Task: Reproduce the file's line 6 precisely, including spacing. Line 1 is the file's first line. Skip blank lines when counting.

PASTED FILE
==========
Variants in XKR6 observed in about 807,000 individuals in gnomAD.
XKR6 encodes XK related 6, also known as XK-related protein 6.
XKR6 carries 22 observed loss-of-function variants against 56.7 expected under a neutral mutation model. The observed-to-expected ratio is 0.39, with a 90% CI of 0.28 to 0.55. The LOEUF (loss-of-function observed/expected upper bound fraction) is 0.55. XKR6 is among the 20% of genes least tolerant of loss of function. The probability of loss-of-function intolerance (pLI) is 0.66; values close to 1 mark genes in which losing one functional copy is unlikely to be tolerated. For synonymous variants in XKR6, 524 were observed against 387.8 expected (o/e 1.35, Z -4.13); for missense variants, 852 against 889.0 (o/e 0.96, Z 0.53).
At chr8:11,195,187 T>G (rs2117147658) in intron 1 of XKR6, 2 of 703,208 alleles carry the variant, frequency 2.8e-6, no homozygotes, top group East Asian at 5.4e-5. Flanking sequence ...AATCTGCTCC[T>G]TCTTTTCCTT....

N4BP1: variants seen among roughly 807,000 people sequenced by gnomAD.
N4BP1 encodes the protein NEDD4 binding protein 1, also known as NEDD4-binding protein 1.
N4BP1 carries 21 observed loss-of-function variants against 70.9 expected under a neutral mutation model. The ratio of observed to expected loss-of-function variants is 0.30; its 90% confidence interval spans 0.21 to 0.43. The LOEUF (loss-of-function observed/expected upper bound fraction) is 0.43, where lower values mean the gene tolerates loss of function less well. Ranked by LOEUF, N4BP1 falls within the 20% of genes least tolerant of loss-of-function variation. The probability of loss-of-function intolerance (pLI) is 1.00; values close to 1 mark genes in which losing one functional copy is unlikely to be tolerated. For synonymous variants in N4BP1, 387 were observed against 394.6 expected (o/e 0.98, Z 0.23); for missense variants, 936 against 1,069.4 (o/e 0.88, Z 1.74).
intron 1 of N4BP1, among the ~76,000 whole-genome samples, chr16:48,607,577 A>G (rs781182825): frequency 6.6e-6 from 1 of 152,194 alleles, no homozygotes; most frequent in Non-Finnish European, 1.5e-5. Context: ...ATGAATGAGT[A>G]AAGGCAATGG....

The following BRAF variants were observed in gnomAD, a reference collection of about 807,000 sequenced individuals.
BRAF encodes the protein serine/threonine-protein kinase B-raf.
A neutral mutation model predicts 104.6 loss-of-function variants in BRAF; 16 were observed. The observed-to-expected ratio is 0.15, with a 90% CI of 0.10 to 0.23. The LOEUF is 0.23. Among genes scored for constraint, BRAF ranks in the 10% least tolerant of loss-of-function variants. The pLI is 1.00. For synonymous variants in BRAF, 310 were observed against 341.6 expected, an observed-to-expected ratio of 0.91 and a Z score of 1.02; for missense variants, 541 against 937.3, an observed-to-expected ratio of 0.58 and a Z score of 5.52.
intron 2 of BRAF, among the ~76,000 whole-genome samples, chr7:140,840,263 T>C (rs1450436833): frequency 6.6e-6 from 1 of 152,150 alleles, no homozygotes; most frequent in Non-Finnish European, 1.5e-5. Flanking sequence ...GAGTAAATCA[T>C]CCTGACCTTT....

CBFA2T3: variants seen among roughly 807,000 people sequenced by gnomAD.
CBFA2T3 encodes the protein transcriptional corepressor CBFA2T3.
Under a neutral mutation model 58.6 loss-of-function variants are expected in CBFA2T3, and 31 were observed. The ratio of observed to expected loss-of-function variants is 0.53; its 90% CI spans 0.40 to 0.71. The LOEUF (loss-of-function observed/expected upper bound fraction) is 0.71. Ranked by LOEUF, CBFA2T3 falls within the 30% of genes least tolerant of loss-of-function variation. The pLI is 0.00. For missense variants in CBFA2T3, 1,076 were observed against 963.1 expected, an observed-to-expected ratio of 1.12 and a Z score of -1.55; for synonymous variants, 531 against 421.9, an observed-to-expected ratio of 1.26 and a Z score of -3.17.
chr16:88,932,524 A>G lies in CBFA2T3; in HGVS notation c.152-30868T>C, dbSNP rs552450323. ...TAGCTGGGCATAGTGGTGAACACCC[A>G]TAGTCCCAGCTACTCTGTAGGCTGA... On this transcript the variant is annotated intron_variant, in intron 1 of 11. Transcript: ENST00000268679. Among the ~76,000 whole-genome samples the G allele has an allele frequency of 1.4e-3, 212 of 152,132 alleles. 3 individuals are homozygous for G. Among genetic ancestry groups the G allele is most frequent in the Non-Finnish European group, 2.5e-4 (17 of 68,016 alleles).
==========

N4BP1 encodes the protein NEDD4 binding protein 1, also known as NEDD4-binding protein 1.